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We’re happy to report on a couple of favorable decisions involving some of the COVID-19-related issues that the Blog has been covering.  We have one each on ivermectin injunctions, Shoemaker v. UPMC, ___ A.3d ___, 2022 WL 4372772 (Pa. Super. Sept. 22, 2022), and vaccine mandates, Children’s Health Defense, Inc. v. Rutgers, 2022 WL 4377515 (D.N.J. Sept. 22, 2022).

Eliminating Ivermectin Idiocy

The ivermectin case was particularly gratifying because it:  (1) reversed an injunction issued by a misguided trial judge, and (2) was from Pennsylvania, where several of us practice.  The Shoemaker case was an appeal from Perry County, Pennsylvania, where the COVID vaccination rate is some 20% below the state average.  The appellant was a local hospital, seeking relief from an order that “specifically directed [the hospital] to allow two physicians, who were not credentialed . . ., to administer ivermectin to [a patient], who had been admitted to the Hospital’s Intensive Care Unit (ICU) for treatment of his COVID-19 infection after he became critically ill.”  2022 WL 4372772, at *1.  Shoemaker had this to say about ivermectin:

Ivermectin is a medication used to treat certain infections caused by internal and external parasites in various animal species and humans.  Although ivermectin received consideration by health care experts as a potential COVID-19 treatment, the U.S. Food and Drug Administration (FDA) has not authorized the use of ivermectin to prevent or treat COVID-19 infections, warns of the drug’s potential risks, and concludes that “[c]urrently available data do not show ivermectin is effective against COVID-19.”

The American Medical Association (AMA), American Pharmacists Association (APhA), and American Society of Health-System Pharmacists (ASHP) issued a joint statement in September 2021 calling for the immediate end to the prescribing, dispensing, and use of ivermectin for the prevention and treatment of COVID-19 outside of a clinical trial. The World Health Organization (WHO) has taken a similar position.

Id. (footnotes omitted).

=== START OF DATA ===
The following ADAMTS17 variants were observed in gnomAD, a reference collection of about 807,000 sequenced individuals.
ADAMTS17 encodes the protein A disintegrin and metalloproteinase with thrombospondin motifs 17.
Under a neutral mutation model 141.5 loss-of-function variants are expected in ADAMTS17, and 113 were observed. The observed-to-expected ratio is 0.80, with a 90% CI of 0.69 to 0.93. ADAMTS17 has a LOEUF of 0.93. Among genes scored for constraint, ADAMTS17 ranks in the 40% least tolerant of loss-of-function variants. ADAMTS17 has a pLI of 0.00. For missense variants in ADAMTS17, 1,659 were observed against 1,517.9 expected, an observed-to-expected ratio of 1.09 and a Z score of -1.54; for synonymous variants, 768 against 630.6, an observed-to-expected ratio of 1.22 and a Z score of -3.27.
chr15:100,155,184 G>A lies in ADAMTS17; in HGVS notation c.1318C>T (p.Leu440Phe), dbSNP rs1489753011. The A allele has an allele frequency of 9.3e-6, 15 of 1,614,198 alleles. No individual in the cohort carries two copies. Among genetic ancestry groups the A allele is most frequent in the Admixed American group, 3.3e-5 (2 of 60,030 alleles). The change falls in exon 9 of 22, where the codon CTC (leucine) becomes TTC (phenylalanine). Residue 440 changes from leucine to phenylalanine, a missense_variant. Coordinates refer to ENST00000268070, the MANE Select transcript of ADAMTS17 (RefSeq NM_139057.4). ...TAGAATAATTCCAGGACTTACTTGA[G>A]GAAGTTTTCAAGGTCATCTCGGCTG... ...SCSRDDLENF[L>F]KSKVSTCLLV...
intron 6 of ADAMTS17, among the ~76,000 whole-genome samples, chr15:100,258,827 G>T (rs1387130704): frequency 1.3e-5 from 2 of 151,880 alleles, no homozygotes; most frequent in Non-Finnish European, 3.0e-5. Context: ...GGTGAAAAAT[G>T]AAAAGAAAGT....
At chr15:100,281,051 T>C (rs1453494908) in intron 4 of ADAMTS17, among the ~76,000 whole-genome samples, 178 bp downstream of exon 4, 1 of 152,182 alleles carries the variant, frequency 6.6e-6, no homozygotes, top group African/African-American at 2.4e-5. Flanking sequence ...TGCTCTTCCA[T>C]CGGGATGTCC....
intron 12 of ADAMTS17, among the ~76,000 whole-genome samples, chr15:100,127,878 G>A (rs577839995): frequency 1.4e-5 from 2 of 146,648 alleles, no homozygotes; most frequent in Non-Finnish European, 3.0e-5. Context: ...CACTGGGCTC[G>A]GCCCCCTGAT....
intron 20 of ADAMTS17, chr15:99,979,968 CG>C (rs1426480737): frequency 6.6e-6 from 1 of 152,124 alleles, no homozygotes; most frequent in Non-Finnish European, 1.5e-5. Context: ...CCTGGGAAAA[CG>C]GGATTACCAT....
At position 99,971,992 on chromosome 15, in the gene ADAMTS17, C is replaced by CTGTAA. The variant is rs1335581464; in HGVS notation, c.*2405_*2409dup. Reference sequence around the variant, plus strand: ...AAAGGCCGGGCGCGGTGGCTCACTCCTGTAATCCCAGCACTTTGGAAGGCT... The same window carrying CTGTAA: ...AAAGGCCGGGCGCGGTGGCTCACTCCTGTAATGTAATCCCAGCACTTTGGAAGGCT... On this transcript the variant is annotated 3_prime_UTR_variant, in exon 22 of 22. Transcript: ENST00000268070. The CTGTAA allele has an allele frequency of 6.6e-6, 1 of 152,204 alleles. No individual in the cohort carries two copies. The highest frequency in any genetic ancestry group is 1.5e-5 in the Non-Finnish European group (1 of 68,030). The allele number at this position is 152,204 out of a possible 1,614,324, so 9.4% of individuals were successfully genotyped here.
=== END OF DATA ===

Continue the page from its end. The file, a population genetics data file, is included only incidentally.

Nonetheless, the patient’s guardian obtained an ivermectin prescription for the patient, sight unseen, from a local physician, but the hospital refused to administer the drug, as it violated hospital care standards for COVID-19.  Id. at *2.  So the guardian went to court, seeking a barrage of judicial relief – a declaratory judgment, an “emergency petition,” and a temporary restraining order.  Id.  The claim was for “breach” of an unidentified “express and/or implied contract” and of the Hippocratic Oath.  Id.  She hired a lawyer known for bringing these case around the country, and had an affidavit from the same “expert” who, as we mentioned in this post, claims he is “generally considered the foremost expert” on ivermectin as a COVID-19 treatment.”  Id. at *3.  That “world’s foremost expert” didn’t show for the hearing, but another doctor did.  The hospital countered with testimony from its infectious disease chair and director of clinical pharmacy – both of whom testified that ivermectin was ineffective and that the study the opposing expert relied on “was retracted after subsequent peer review revealed that it had relied on data which had been suspected as having been falsified.”  Id. at *4.

Unfortunately, the local judge granted a preliminary mandatory injunction, ordering the hospital to allow uncredentialed doctors to administer ivermectin to the hospital’s patient.  After receiving the drug, the patient suffered liver damage (a known risk of high-dose ivermectin and died – whether from COVID-19 or ivermectin is unclear from the opinion.  Id.

Despite the patient’s death mooting the appeal, Shoemaker decided the appeal because it was of public importance to put an end to this kind of ivermectin traveling road show in Pennsylvania.  2022 WL 4372772, at *5 (“agree[ing] with [the hospital] this appeal involves a broad range of public policy issues”).

The unanimous Pennsylvania Superior Court viewed the court order “compell[ing the hospital]] to allow uncredentialed physicians to practice medicine at the Hospital . . . of the Hospital’s COVID-19 treatment protocol” as “astonishing.”  Id. at *6.  We thought the same thing – we called it “kooky” − when we first learned of these lawsuits and wrote a detailed post detailing numerous legal reasons why hospitals cannot be forced to permit off-label uses of drugs that they believed beneath the medical standard of care.  Shoemaker didn’t even get that far.

First, the trial court abused its discretion in issuing a “mandatory” injunction – “an extraordinary remedy that should only be utilized in the rarest of circumstances.”  Id.

Second, the trial court acted in an ultra vires fashion, assuming in had more power to address COVID-19-related issues than it actually did.  Id. at *9 (“the trial court failed to cite to any legal basis to justify its decision”).

[T]he trial court’s focus was misplaced as the trial court failed to recognize that the question before it was not whether ivermectin is a suitable treatment option for COVID-19, but rather whether [plaintiff] had identified a legal right in need of protection through a mandatory injunction.

2022 WL 4372772, at *7 (emphasis original).  The plaintiff’s purported causes of action did not exist.  The claim of an “express” contract was made up from whole cloth.  “[T]he record does not contain any evidence of an express contract.”  Id.  Shoemaker is a case that makes us wish Pennsylvania had a Rule 11.  The other implied contract and Hippocratic Oath claims were almost as bad: